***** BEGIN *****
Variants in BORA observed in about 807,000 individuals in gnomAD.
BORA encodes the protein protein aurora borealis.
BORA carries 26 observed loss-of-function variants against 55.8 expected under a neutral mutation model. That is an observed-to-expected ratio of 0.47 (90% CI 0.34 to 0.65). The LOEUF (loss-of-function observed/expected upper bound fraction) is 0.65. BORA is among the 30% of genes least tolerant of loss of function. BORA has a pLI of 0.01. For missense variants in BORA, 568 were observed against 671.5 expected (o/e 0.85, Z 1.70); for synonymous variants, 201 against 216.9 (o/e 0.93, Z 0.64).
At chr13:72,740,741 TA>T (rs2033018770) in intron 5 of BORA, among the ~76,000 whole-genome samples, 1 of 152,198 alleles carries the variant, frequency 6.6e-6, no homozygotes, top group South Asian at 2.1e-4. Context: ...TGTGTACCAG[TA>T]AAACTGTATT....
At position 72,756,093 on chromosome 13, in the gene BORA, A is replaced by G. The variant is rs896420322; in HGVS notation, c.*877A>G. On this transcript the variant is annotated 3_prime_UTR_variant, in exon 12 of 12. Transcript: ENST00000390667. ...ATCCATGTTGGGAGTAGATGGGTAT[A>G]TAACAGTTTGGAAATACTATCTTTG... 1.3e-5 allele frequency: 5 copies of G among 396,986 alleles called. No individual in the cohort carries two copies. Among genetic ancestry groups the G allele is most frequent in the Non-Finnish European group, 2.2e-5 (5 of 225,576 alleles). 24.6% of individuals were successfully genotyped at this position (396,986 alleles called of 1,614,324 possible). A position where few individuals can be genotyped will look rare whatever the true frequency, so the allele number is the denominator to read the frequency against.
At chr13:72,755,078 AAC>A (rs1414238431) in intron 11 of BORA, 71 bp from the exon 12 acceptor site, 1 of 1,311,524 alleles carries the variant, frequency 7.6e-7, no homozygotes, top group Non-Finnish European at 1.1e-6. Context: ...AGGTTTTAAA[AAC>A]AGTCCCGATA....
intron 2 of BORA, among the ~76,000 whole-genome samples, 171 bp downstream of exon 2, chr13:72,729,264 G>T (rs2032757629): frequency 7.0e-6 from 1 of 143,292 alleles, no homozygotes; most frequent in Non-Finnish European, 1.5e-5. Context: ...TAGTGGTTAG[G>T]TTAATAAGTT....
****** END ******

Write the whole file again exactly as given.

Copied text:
Variants in BORA observed in about 807,000 individuals in gnomAD.
BORA encodes the protein protein aurora borealis.
BORA carries 26 observed loss-of-function variants against 55.8 expected under a neutral mutation model. That is an observed-to-expected ratio of 0.47 (90% CI 0.34 to 0.65). The LOEUF (loss-of-function observed/expected upper bound fraction) is 0.65. BORA is among the 30% of genes least tolerant of loss of function. BORA has a pLI of 0.01. For missense variants in BORA, 568 were observed against 671.5 expected (o/e 0.85, Z 1.70); for synonymous variants, 201 against 216.9 (o/e 0.93, Z 0.64).
At chr13:72,740,741 TA>T (rs2033018770) in intron 5 of BORA, among the ~76,000 whole-genome samples, 1 of 152,198 alleles carries the variant, frequency 6.6e-6, no homozygotes, top group South Asian at 2.1e-4. Context: ...TGTGTACCAG[TA>T]AAACTGTATT....
At position 72,756,093 on chromosome 13, in the gene BORA, A is replaced by G. The variant is rs896420322; in HGVS notation, c.*877A>G. On this transcript the variant is annotated 3_prime_UTR_variant, in exon 12 of 12. Transcript: ENST00000390667. ...ATCCATGTTGGGAGTAGATGGGTAT[A>G]TAACAGTTTGGAAATACTATCTTTG... 1.3e-5 allele frequency: 5 copies of G among 396,986 alleles called. No individual in the cohort carries two copies. Among genetic ancestry groups the G allele is most frequent in the Non-Finnish European group, 2.2e-5 (5 of 225,576 alleles). 24.6% of individuals were successfully genotyped at this position (396,986 alleles called of 1,614,324 possible). A position where few individuals can be genotyped will look rare whatever the true frequency, so the allele number is the denominator to read the frequency against.
At chr13:72,755,078 AAC>A (rs1414238431) in intron 11 of BORA, 71 bp from the exon 12 acceptor site, 1 of 1,311,524 alleles carries the variant, frequency 7.6e-7, no homozygotes, top group Non-Finnish European at 1.1e-6. Context: ...AGGTTTTAAA[AAC>A]AGTCCCGATA....
intron 2 of BORA, among the ~76,000 whole-genome samples, 171 bp downstream of exon 2, chr13:72,729,264 G>T (rs2032757629): frequency 7.0e-6 from 1 of 143,292 alleles, no homozygotes; most frequent in Non-Finnish European, 1.5e-5. Context: ...TAGTGGTTAG[G>T]TTAATAAGTT....